Dental work is not recommended for at least two weeks following cataract surgery including cleanings.  
More Info: Several other restrictions apply following cataract surgery. For the first 48 hours, you should not allow soap or water to get in your eyes, which means being careful when bathing and washing your hair. The week following surgery, you should also refrain from wearing any makeup around the eye area. Further, you should not swim for at least two weeks.
Cataract Surgery Epiphany in Dental Chair
There is actually another, much more critical connection between the modern process used for cataract surgery and time spent in the dentist’s chair. In 2004, Dr. Charles D. Kelman received a Lasker Clinical Medical Research Award for a process called phacoemulsification. It is the most commonly performed outpatient surgical procedure in the western world and involves a small incision being made into the cataract(s) area.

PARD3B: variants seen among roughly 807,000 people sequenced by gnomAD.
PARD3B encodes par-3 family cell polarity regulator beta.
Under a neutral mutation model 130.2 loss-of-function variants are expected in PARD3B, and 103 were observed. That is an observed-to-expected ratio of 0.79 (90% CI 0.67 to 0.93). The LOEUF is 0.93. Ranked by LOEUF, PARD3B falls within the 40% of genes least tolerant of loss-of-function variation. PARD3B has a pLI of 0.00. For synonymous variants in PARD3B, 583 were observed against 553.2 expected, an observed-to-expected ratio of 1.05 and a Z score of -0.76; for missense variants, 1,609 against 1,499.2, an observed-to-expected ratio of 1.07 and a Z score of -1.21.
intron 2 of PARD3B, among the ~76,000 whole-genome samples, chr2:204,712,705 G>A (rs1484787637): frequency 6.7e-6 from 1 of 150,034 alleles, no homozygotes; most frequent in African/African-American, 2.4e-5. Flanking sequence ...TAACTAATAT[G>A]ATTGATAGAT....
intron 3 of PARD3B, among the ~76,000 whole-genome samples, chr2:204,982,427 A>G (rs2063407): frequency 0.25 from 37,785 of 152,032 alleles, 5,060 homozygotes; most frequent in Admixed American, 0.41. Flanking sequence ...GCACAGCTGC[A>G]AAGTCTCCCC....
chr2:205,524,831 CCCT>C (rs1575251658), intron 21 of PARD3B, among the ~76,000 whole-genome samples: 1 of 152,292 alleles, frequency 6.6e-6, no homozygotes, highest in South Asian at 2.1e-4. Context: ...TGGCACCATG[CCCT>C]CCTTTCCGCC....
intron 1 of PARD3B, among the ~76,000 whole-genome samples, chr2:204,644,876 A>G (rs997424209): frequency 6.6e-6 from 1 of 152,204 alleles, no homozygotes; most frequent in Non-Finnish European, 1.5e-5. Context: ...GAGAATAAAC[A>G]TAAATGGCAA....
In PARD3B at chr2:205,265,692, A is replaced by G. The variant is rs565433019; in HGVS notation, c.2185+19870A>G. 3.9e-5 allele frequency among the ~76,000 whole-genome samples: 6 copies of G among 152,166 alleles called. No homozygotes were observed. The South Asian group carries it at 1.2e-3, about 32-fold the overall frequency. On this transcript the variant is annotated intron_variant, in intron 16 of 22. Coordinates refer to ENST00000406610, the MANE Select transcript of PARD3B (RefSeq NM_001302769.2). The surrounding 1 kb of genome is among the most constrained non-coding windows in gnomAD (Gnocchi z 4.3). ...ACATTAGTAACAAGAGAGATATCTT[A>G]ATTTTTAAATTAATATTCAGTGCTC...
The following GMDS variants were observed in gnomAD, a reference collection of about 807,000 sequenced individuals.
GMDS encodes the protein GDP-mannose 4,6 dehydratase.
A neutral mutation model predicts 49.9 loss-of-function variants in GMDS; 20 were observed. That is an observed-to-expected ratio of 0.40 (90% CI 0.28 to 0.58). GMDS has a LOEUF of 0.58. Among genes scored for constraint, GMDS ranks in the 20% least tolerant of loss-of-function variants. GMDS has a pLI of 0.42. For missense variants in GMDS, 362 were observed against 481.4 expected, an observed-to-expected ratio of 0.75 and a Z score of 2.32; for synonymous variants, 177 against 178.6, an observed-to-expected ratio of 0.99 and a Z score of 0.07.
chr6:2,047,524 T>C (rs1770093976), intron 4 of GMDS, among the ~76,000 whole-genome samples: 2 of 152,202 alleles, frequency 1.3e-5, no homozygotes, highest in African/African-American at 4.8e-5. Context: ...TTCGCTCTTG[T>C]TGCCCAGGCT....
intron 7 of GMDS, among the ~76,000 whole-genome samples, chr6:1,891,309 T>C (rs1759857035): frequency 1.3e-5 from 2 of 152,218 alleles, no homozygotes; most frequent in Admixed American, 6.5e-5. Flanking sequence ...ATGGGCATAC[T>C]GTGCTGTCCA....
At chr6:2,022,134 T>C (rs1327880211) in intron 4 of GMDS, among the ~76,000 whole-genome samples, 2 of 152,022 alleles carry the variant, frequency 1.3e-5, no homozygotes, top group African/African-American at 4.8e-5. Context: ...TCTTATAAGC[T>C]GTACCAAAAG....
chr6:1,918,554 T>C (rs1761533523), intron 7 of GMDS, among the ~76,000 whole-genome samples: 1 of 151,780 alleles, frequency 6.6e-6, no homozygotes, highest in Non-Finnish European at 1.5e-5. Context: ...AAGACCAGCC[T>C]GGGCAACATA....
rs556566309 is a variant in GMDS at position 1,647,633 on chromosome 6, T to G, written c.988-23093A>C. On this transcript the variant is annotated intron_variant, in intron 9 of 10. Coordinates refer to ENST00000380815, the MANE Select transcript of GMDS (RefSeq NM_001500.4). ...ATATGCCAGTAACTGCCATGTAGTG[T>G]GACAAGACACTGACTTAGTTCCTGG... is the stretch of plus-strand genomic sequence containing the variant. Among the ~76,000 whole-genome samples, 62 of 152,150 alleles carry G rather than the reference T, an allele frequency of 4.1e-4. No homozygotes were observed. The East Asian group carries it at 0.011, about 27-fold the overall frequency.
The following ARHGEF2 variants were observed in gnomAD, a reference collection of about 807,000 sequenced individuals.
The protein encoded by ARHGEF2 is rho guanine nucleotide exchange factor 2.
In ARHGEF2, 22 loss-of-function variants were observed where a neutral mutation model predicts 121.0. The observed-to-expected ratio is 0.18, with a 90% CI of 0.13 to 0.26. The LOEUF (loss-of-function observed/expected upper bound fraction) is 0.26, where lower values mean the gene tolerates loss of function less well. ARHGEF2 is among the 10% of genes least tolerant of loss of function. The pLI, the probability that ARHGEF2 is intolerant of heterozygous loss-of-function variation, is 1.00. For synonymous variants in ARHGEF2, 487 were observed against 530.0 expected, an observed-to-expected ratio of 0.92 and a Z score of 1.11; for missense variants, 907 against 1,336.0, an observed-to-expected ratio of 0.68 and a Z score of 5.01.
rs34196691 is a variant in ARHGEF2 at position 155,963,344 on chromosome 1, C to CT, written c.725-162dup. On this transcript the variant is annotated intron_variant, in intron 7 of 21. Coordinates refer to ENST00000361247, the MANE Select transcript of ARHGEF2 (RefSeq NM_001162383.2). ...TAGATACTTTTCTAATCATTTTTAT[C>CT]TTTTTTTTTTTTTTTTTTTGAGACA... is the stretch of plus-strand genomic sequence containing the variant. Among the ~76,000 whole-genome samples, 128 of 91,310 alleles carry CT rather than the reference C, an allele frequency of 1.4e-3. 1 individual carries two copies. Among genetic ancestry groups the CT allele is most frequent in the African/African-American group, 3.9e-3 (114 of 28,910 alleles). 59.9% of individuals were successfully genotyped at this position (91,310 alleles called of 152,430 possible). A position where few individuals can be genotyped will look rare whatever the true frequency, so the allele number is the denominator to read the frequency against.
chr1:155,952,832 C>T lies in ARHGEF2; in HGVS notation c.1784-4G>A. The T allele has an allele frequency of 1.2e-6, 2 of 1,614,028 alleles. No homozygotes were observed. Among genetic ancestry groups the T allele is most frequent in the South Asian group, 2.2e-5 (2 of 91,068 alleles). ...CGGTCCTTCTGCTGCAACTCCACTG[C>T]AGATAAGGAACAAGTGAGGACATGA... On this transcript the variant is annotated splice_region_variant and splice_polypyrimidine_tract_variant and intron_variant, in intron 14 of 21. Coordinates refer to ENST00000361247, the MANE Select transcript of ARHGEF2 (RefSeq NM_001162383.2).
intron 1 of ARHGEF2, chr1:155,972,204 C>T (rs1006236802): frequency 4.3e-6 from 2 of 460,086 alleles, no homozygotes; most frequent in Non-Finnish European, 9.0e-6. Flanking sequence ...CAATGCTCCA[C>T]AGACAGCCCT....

The idea for this process actually came to Kelman a full four decades earlier. As he recounts, he was at the dentist’s office for a teeth cleaning and while in the chair, he watched as the doctor turned on an electrical implement and applied it to his teeth. The ensuing vibration and high-pitched sound were new to Kelman, who inquired about the instrument and found out that it was an ultrasonic probe. At the very moment, he realized that a similar tool should be used for the correction of cataract problems.
The 2004 citation mentioned above is but one of many awards received by Kelman for his work. He was also voted “Ophthalmologist of the Century” by his peers in 1994 and received the National Medal of Technology in 1992 from President George H. Bush. All, in a sense, because of that fortuitous moment in the dentist’s chair.
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MedicineNet.com – Patient Discussion: Cataract Surgery, Retrieved June 9, 2011 from http://www.medicinenet.com/cataract_surgery/discussion-281-page2.htm
Nature Medicine – “How a Jolt and a Bolt in a Dentist’s Chair Revolutionized Cataract Surgery”, 2004, Retrieved June 9, 2011 from http://www.nature.com/nm/journal/v10/n10/full/nm1004-1032.html